In the face of worldwide habitat fragmentation, managers need to devise a time frame for action. We ask how fast do understory bird species disappear from experimentally isolated plots in the Biological Dynamics of Forest Fragments Project, central Amazon, Brazil. Our data consist of mist-net records obtained over a period of 13 years in 11 sites of 1, 10, and 100 hectares. The numbers of captures per species per unit time, analyzed under different simplifying assumptions, reveal a set of species-loss curves. From those declining numbers, we derive a scaling rule for the time it takes to lose half the species in a fragment as a function of its area. A 10-fold decrease in the rate of species loss requires a 1,000-fold increase in area. Fragments of 100 hectares lose one half of their species in < 15 years, too short a time for implementing conservation measures.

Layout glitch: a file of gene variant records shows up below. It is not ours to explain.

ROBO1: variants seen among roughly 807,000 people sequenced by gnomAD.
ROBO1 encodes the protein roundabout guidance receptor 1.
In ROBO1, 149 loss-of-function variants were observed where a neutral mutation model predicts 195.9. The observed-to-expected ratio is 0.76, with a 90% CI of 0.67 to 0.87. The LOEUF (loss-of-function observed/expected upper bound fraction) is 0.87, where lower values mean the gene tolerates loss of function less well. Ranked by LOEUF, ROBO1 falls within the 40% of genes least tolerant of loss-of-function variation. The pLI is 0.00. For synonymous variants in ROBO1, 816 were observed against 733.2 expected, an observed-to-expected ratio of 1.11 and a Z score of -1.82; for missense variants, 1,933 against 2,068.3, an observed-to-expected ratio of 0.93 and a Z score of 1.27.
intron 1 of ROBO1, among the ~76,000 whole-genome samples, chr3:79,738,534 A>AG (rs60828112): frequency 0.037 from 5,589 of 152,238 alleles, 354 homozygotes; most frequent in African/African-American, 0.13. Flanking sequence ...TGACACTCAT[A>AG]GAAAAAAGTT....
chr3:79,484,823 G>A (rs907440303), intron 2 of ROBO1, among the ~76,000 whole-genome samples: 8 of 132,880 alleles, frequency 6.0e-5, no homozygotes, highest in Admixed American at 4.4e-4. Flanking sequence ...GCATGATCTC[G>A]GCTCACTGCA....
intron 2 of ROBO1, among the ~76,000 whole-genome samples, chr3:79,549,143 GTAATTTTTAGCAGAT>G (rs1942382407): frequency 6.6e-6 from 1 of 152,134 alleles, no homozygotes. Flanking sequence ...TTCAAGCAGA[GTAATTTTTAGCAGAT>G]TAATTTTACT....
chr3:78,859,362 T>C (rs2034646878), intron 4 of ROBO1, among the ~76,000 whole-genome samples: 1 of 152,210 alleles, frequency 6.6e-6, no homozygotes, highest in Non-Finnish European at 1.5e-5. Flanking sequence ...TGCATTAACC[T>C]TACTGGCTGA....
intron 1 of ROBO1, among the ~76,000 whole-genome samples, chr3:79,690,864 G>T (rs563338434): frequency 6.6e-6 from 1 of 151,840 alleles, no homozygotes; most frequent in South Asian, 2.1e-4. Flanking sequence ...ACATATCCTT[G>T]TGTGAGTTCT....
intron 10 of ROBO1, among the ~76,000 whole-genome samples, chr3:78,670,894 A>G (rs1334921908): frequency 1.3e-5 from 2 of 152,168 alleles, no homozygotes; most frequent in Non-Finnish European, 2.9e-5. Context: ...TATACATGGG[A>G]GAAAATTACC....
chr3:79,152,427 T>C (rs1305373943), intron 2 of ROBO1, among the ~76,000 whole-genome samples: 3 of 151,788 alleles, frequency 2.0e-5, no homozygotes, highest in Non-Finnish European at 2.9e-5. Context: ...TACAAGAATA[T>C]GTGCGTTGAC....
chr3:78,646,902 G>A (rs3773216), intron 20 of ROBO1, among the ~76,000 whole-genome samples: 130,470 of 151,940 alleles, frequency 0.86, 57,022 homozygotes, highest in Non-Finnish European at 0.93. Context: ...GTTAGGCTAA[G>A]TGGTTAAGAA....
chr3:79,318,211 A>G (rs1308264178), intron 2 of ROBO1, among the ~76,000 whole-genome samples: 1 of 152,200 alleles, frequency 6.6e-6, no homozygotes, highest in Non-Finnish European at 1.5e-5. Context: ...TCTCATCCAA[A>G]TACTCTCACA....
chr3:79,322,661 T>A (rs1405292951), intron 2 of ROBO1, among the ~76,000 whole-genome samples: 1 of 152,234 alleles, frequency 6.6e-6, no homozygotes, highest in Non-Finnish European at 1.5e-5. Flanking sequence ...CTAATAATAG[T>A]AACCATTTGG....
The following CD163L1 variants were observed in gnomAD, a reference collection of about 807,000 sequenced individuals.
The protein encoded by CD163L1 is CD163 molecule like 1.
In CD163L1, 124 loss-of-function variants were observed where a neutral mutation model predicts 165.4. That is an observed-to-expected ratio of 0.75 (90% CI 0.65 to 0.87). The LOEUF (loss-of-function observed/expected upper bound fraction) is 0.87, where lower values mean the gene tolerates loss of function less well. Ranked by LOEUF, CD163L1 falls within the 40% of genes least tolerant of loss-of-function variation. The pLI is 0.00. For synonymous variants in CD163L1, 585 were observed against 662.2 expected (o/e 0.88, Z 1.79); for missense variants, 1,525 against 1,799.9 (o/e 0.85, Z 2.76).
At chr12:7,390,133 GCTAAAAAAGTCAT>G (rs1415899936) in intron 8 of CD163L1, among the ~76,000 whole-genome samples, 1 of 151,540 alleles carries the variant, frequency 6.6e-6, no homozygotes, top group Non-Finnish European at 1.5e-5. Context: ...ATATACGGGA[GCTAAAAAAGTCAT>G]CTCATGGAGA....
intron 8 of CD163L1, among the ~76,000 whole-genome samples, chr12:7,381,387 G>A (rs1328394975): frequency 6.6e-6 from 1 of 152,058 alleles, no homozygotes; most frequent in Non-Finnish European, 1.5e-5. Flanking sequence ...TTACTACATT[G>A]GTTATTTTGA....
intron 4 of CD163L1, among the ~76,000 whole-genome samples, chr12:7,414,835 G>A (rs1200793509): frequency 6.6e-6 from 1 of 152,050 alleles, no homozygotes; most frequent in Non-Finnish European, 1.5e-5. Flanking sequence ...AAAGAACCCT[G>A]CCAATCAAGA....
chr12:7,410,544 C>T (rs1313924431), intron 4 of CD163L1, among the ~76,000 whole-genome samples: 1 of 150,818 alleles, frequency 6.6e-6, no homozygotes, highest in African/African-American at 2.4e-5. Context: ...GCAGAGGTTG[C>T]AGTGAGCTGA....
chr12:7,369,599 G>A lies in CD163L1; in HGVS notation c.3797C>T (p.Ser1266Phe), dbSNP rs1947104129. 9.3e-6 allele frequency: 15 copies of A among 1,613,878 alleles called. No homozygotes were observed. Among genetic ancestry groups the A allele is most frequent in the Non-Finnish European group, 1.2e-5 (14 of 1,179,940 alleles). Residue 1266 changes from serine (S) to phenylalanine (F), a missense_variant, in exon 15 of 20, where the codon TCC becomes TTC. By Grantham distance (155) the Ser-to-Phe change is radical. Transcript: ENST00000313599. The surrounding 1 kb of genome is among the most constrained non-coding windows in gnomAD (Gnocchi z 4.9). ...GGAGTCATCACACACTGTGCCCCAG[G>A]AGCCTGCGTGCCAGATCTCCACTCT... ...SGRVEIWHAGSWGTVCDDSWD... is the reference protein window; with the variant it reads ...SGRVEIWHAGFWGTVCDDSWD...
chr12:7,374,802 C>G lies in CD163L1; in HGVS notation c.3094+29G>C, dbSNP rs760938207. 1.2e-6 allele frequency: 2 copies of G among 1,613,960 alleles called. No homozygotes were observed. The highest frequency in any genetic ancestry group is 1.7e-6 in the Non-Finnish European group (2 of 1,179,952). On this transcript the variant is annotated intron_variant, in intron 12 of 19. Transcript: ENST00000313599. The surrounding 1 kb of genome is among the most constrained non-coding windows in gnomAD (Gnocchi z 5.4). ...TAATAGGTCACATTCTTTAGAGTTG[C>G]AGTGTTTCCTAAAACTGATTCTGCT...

|Original language||English (US)|
|Number of pages||5|
|Journal||Proceedings of the National Academy of Sciences of the United States of America|
|Issue number||SUPPL. 2|
|State||Published - Nov 25 2003|
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